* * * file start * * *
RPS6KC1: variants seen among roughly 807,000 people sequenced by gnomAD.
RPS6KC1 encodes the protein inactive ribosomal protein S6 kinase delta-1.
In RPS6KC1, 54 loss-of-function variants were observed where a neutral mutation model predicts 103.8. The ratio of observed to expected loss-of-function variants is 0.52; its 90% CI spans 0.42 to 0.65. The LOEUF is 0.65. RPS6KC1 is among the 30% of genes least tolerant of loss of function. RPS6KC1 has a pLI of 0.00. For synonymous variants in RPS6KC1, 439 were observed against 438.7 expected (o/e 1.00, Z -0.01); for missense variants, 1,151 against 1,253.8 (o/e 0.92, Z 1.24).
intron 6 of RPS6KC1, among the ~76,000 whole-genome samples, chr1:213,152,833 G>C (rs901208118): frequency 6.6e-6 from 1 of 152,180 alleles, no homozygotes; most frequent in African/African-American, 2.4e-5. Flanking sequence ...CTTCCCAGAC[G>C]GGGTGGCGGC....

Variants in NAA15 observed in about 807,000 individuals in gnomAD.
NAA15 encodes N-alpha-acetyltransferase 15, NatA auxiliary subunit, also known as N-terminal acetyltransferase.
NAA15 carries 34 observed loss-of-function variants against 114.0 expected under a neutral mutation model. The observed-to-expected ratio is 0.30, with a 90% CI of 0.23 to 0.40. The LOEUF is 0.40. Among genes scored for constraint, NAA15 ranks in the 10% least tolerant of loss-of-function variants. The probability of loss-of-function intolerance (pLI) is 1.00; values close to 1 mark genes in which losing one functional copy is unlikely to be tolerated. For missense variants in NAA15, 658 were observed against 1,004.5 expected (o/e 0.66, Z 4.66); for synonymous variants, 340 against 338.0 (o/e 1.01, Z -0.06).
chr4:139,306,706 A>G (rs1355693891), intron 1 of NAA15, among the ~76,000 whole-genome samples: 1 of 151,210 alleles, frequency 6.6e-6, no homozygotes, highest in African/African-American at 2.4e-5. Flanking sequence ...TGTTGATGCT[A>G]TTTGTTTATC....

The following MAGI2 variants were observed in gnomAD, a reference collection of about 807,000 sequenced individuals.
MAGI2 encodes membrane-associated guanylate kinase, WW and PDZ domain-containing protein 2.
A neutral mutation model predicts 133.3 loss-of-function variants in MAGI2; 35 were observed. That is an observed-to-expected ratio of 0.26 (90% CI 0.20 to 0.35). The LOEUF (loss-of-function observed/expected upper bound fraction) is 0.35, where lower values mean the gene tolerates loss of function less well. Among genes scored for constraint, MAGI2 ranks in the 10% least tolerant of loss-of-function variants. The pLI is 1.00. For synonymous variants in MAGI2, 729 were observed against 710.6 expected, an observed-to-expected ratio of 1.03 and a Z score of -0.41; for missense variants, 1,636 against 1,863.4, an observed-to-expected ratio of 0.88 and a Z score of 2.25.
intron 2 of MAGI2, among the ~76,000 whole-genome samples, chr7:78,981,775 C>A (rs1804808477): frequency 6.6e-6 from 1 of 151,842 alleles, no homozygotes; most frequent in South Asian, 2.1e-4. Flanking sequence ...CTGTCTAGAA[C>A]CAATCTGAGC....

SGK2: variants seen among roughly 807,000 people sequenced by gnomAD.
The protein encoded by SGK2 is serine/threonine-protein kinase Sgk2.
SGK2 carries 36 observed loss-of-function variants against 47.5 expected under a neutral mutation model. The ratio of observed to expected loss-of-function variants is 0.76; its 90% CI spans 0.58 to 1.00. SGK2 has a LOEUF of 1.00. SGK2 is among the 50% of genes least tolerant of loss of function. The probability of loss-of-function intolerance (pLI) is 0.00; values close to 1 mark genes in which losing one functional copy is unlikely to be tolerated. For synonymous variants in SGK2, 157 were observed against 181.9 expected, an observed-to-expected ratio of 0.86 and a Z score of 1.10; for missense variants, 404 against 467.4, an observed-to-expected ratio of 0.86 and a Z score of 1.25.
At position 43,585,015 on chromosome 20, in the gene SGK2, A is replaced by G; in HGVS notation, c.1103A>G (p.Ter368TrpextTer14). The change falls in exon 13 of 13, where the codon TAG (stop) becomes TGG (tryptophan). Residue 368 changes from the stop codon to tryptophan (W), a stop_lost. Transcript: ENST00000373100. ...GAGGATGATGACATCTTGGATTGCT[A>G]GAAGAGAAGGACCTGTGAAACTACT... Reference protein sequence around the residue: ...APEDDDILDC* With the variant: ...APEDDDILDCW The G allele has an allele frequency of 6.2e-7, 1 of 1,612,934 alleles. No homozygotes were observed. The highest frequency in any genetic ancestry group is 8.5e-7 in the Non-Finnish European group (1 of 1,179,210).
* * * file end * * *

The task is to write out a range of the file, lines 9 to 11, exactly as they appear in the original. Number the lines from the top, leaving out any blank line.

The following MAGI2 variants were observed in gnomAD, a reference collection of about 807,000 sequenced individuals.
MAGI2 encodes membrane-associated guanylate kinase, WW and PDZ domain-containing protein 2.
A neutral mutation model predicts 133.3 loss-of-function variants in MAGI2; 35 were observed. That is an observed-to-expected ratio of 0.26 (90% CI 0.20 to 0.35). The LOEUF (loss-of-function observed/expected upper bound fraction) is 0.35, where lower values mean the gene tolerates loss of function less well. Among genes scored for constraint, MAGI2 ranks in the 10% least tolerant of loss-of-function variants. The pLI is 1.00. For synonymous variants in MAGI2, 729 were observed against 710.6 expected, an observed-to-expected ratio of 1.03 and a Z score of -0.41; for missense variants, 1,636 against 1,863.4, an observed-to-expected ratio of 0.88 and a Z score of 2.25.